Monthly Archives: May 2011

Older people not as good at lying or detecting lies: Otago research

Older people cannot lie as convincingly as younger people, are worse at detecting when others are lying, and the latter is linked to age-related decline in emotion recognition, new University of Otago research suggests. Department of Psychology researchers Ted Ruffman, Janice Murray and Jamin Halberstadt compared young and older adults’ skills at deception as judged […] … learn more→

New research shows a visit to a zoo boosts science and environment knowledge

Research from the University of Warwick shows a trip to the zoo can boost your child’s science and conservation education more than books or classroom teaching alone. In research conducted at ZSL London Zoo, more than 3,000 school children aged between seven and 14 were asked about their knowledge of animals, habitat and conservation and […] … learn more→

Study finds local temperature influences belief in global warming

A study by Columbia Business School Professor Eric Johnson, co-director of the Center for Decision Sciences (http://www4.gsb.columbia.edu/decisionsciences) at Columbia Business School, Ye Li, a postdoctoral researcher at the Center for Decision Sciences, and Lisa Zaval, a Columbia graduate student in psychology, found that those who thought the current day was warmer than usual were more […] … learn more→

Assessing the influence of Alaska glaciers is slippery work

With an estimated 34,000 square miles of ice, an area about the size of Maine, Alaska\’s multitude of glaciers have a global impact. Anthony Arendt, an assistant research professor at the University of Alaska Fairbanks Geophysical Institute, has outlined the complexity and influence of Alaska glaciers in this week\’s issue of the journal Science. In […] … learn more→

More money, better health?

A new study from George Mason University and the Urban Institute reveals that greater spending on medical services means better overall health for Medicare participants. Health Administration and Policy Professor Jack Hadley and his co-authors, Urban Institute researchers Timothy Waidmann, Stephen Zuckerman, and Robert Berenson, analyzed data from more than 17,000 Medicare beneficiaries to draw […] … learn more→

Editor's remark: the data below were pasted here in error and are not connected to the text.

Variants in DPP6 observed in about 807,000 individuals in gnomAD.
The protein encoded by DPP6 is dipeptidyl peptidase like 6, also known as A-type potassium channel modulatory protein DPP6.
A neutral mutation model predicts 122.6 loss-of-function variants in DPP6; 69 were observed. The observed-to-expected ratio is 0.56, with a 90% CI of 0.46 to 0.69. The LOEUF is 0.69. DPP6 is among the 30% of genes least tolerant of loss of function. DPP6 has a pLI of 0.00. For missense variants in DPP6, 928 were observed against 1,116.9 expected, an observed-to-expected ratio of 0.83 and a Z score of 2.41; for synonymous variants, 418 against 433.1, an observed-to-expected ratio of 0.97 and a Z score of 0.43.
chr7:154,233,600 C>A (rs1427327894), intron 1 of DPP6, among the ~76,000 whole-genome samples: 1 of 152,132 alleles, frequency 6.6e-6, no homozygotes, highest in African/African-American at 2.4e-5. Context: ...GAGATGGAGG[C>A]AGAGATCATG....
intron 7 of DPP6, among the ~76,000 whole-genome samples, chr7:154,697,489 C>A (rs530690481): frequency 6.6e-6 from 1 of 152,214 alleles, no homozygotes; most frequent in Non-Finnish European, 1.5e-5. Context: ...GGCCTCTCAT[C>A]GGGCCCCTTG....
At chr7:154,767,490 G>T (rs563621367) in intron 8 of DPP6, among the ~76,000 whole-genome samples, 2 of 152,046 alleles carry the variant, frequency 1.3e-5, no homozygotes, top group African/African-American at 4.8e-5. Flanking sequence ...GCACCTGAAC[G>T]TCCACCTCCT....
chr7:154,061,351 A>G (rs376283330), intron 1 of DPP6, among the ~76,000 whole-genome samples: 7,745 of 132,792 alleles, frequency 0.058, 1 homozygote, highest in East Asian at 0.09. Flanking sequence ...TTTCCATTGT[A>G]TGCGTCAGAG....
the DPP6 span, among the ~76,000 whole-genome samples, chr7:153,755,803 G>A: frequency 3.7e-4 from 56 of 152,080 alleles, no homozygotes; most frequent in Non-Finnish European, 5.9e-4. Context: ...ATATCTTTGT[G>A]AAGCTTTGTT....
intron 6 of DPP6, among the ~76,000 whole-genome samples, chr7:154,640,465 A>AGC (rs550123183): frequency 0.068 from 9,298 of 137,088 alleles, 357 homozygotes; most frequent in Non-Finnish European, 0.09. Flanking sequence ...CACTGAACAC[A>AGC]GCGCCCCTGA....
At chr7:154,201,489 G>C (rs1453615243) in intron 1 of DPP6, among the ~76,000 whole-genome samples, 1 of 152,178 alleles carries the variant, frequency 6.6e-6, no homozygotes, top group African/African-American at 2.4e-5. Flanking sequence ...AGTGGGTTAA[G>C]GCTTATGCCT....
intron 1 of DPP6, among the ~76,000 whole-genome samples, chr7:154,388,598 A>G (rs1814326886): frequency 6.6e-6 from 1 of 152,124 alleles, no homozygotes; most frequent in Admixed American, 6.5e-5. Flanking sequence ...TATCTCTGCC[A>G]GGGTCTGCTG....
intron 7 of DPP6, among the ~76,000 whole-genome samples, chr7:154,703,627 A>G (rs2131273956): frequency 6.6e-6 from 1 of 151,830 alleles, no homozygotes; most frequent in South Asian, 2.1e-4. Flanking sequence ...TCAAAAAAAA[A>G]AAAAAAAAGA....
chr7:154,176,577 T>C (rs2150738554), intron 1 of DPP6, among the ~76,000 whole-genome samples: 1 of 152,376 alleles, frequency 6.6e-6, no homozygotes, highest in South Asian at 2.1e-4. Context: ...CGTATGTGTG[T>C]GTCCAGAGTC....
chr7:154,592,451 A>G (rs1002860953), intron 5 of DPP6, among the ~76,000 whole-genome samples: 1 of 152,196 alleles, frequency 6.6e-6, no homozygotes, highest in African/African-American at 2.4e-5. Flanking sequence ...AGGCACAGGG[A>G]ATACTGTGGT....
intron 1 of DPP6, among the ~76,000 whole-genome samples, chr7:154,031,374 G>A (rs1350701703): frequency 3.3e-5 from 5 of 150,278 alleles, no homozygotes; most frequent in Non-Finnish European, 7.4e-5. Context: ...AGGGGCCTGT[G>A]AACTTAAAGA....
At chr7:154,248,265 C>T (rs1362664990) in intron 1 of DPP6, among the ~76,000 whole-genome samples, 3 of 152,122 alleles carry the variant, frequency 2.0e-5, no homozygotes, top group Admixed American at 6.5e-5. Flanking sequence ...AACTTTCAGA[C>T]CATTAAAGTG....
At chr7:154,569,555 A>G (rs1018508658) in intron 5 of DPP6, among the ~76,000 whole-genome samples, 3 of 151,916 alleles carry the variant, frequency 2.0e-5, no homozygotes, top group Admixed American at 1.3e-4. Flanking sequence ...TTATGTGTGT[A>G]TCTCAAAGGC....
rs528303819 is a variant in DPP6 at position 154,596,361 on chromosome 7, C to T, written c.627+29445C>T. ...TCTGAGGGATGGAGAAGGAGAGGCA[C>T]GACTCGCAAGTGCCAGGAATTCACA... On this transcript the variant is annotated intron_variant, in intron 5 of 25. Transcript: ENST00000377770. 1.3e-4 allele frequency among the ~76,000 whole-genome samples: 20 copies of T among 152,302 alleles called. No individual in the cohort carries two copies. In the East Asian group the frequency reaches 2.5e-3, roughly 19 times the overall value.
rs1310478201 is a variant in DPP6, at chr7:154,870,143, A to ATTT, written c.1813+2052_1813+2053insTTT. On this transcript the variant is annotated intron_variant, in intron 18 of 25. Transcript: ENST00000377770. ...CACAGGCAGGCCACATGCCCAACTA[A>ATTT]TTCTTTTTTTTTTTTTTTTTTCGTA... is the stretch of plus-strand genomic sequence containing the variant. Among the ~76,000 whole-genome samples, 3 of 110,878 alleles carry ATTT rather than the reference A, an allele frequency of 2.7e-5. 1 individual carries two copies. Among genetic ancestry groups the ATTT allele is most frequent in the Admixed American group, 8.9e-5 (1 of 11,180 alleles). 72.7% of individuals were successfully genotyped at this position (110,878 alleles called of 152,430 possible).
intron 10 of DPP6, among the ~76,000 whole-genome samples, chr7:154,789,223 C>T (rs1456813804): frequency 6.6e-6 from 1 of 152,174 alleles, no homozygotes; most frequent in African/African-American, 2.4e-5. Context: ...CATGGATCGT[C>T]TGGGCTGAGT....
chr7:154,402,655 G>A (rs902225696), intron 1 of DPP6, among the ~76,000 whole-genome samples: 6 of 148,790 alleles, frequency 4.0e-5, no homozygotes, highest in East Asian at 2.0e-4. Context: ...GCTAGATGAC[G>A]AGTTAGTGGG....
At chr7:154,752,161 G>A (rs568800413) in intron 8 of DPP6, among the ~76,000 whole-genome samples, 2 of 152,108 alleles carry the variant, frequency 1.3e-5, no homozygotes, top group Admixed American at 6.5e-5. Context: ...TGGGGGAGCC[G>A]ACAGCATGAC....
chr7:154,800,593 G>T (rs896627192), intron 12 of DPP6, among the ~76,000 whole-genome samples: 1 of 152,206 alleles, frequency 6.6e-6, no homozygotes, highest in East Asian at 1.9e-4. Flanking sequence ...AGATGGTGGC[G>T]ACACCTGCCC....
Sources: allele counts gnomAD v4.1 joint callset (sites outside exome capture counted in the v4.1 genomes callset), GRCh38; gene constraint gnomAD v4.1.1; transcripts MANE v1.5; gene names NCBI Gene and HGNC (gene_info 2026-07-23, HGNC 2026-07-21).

The case of Bradley Manning: Is WikiLeaks doing enough?

US Army Private First Class Bradley Manning was arrested in May 2010 for allegedly leaking classified information to Wikileaks. In July, Manning was transfered to US Marine Corps Base Quantico in Virginia, where he was placed in solitary confinement under “maximum custody” and a restrictive “Prevention of Injury” order while he awaits trial. In April, the AP reported […] … learn more→

Massive explosion helps Warwick researcher spot Universe’s most distant object

An international team of UK and US astronomers have spotted the most distant explosion, and possibly the most distant object, ever seen in the Universe. … learn more→

Southampton scientist develops new and free way to send large files around the Web

A new way to send large files around the Web completely free of charge has been launched by the University of Southampton. ZendTo is a free and secure, Web-based system, which will allow users to send large files much faster than by email. The system allows users to send files within and beyond their organisations […] … learn more→

New online education program aimed at curbing dangerous drinking

This summer, new Penn State students attending the University\’s second six-week summer session will be first to complete Penn State\’s new online education program, PSU SAFE (Student Alcohol Feedback and Education). It\’s one of many initiatives Penn State has created to teach students the facts about dangerous drinking. PSU SAFE replaces an online alcohol education […] … learn more→

Caltech-led team debunks theory on end of \’Snowball Earth\’ ice age

There\’s a theory about how the Marinoan ice age—also known as the \”Snowball Earth\” ice age because of its extreme low temperatures—came to an abrupt end some 600 million years ago. It has to do with large amounts of methane, a strong greenhouse gas, bubbling up through ocean sediments and from beneath the permafrost and […] … learn more→